Sunday, March 6, 2011

Sensorial Area

The Sensorial Area is the Montessori classroom can be easily recognized with the classic, colorful, and precise materials.  Montessorians believe that it is during the ages of 0-6, children take in everything from their environment through their senses-visual, tactile, auditory, olfactory (smell), and gustatory (taste).  In a Montessori classroom, the Sensorial Area is meant to 'educate' the senses, that is to help children organize all they have taken in during the 0-6 time frame.  The Sensorial Area allows children to organize and classify information.  Through his senses, the child studies his environment and during their time in a Montessori classroom with access to the materials in the Sensorial area, he then begins to understand his environment.

Sensorial materials shown through lessons and presentations, were designed by Maria Montessori to provide experiences that are perceived by the senses:  size, shape, composition, texture, loud/soft sounds, matching, weight, temperature etc.  Children learn how to discriminate differences between same and different objects.  For example, The Pink Tower is meant to teach 'large' and 'small' and children are shown how to grade this work.  As they use the material with their hands, they begin to have an understanding of 'large' and 'small' and eventually understand that the smallest pink cute is 1 cubic centimeter in volume and the largest pink cute is 1000 cubic centimeters in volume (10 cm in length on one side).  With the colored knobless cylinders, the children are introduced to a different size aspect with each box.  The red box varies in width only.  The yellow box varies in height and width, the green varies in height and width, and the blue box has the same height, but vary in width.  They can manipulate these materials and even compare them with each other to learn these different attributes.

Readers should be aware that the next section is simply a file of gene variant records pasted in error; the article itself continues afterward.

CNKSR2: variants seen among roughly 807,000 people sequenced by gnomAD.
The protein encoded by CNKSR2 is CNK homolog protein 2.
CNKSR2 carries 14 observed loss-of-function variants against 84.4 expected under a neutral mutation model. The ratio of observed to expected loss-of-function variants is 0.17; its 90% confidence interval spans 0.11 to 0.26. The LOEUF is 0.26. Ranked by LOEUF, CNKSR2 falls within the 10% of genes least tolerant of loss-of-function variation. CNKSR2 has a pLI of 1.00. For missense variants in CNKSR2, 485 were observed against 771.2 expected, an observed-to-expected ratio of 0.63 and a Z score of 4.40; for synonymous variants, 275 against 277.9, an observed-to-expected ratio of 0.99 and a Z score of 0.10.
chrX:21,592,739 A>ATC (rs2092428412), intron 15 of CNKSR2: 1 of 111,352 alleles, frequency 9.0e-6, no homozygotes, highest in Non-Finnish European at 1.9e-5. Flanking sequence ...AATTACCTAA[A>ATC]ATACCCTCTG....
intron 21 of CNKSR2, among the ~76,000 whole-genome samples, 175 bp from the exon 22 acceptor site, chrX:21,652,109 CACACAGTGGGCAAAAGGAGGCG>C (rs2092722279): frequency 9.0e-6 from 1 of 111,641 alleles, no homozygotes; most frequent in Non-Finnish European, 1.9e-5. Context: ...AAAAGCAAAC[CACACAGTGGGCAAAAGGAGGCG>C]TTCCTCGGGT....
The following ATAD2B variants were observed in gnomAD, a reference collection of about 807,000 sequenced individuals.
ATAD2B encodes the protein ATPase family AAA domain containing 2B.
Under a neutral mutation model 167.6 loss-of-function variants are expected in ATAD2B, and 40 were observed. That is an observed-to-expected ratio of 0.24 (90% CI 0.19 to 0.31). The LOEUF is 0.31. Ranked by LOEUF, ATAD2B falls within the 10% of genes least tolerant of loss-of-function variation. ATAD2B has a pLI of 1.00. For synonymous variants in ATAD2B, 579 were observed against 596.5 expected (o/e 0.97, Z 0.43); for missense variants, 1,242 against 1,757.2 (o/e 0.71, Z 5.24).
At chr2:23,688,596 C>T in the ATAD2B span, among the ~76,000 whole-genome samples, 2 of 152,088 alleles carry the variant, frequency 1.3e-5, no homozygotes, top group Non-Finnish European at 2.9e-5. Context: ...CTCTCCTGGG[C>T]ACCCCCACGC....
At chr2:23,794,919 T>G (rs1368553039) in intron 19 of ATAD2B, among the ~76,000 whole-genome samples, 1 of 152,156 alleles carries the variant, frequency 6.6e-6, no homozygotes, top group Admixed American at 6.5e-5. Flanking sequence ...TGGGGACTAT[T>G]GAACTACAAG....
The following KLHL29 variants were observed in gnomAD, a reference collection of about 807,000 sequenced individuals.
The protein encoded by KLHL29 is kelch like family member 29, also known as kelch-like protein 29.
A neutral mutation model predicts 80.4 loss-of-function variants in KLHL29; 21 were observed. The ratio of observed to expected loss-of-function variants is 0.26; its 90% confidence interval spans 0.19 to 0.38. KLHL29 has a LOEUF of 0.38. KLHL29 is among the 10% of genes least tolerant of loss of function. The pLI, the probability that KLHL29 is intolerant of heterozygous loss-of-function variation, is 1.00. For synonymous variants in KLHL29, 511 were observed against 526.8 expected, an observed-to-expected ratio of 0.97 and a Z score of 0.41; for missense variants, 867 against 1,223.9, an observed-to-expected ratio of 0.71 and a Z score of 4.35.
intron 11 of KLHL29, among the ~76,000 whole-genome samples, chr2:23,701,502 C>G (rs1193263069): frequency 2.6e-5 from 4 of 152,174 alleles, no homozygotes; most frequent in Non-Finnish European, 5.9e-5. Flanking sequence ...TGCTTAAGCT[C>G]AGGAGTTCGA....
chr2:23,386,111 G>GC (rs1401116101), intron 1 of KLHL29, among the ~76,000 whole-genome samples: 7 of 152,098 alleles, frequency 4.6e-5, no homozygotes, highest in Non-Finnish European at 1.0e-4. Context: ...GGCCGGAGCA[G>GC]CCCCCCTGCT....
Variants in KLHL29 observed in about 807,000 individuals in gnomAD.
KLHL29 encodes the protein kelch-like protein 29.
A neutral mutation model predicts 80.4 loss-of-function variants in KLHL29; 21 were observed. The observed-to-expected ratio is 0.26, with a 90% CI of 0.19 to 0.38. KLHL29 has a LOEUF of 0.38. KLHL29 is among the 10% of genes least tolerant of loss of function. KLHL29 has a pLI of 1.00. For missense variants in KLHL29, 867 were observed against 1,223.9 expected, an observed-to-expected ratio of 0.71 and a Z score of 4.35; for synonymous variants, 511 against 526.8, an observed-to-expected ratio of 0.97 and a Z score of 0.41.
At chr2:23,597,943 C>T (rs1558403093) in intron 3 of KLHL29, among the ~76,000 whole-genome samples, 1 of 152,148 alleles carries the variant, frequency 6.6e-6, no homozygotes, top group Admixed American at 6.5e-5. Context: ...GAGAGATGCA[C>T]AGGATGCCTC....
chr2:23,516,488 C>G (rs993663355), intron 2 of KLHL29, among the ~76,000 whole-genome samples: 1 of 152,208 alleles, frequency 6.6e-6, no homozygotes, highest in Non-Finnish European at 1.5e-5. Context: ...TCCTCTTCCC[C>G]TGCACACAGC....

All the Sensorial materials were designed with these ideas in mind:

1.  The materials isolate one quality at a time, allowing the child to focus on one quality at a time.
2.  All materials have a 'control of error', meaning the child can make corrections themselves.
3.  All the materials are esthetically pleasing.
4.  All the materials must be complete so the child who is working with them can finish through the entire process without being interrupted to find a missing piece.
5.  These materials could be called 'materialized abstractions' which means that through these Sensorial materials, abstract concepts are made.
6.  The Sensorial Area is seen as preparation for the Math area-concepts learned in this area help support and encourage growth in the Math area.

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